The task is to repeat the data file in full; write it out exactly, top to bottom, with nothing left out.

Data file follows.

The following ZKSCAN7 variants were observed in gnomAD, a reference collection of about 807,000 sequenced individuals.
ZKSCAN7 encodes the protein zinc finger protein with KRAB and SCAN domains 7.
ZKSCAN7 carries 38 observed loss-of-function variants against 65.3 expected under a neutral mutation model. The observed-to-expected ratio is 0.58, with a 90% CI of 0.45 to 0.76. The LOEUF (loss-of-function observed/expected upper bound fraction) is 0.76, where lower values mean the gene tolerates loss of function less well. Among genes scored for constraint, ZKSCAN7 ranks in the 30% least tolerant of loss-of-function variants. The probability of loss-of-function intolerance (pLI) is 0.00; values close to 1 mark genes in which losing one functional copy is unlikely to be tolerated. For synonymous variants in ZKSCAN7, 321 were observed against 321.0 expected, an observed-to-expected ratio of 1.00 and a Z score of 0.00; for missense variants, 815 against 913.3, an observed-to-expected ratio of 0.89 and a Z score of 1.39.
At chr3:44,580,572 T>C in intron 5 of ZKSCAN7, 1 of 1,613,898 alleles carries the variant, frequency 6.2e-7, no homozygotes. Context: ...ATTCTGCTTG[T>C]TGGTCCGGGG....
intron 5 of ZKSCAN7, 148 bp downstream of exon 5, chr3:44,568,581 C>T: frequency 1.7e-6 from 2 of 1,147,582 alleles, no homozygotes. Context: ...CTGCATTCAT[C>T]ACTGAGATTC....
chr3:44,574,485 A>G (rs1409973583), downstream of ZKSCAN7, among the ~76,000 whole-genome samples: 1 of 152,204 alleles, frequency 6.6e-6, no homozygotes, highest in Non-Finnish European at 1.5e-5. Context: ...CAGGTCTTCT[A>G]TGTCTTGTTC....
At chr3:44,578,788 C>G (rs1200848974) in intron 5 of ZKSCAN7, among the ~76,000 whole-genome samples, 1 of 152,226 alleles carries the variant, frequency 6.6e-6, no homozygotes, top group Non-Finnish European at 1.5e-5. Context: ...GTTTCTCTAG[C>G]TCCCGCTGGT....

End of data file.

The following ZKSCAN7 variants were observed in gnomAD, a reference collection of about 807,000 sequenced individuals.
ZKSCAN7 encodes the protein zinc finger protein with KRAB and SCAN domains 7.
ZKSCAN7 carries 38 observed loss-of-function variants against 65.3 expected under a neutral mutation model. The observed-to-expected ratio is 0.58, with a 90% CI of 0.45 to 0.76. The LOEUF (loss-of-function observed/expected upper bound fraction) is 0.76, where lower values mean the gene tolerates loss of function less well. Among genes scored for constraint, ZKSCAN7 ranks in the 30% least tolerant of loss-of-function variants. The probability of loss-of-function intolerance (pLI) is 0.00; values close to 1 mark genes in which losing one functional copy is unlikely to be tolerated. For synonymous variants in ZKSCAN7, 321 were observed against 321.0 expected, an observed-to-expected ratio of 1.00 and a Z score of 0.00; for missense variants, 815 against 913.3, an observed-to-expected ratio of 0.89 and a Z score of 1.39.
At chr3:44,580,572 T>C in intron 5 of ZKSCAN7, 1 of 1,613,898 alleles carries the variant, frequency 6.2e-7, no homozygotes. Context: ...ATTCTGCTTG[T>C]TGGTCCGGGG....
intron 5 of ZKSCAN7, 148 bp downstream of exon 5, chr3:44,568,581 C>T: frequency 1.7e-6 from 2 of 1,147,582 alleles, no homozygotes. Context: ...CTGCATTCAT[C>T]ACTGAGATTC....
chr3:44,574,485 A>G (rs1409973583), downstream of ZKSCAN7, among the ~76,000 whole-genome samples: 1 of 152,204 alleles, frequency 6.6e-6, no homozygotes, highest in Non-Finnish European at 1.5e-5. Context: ...CAGGTCTTCT[A>G]TGTCTTGTTC....
At chr3:44,578,788 C>G (rs1200848974) in intron 5 of ZKSCAN7, among the ~76,000 whole-genome samples, 1 of 152,226 alleles carries the variant, frequency 6.6e-6, no homozygotes, top group Non-Finnish European at 1.5e-5. Context: ...GTTTCTCTAG[C>G]TCCCGCTGGT....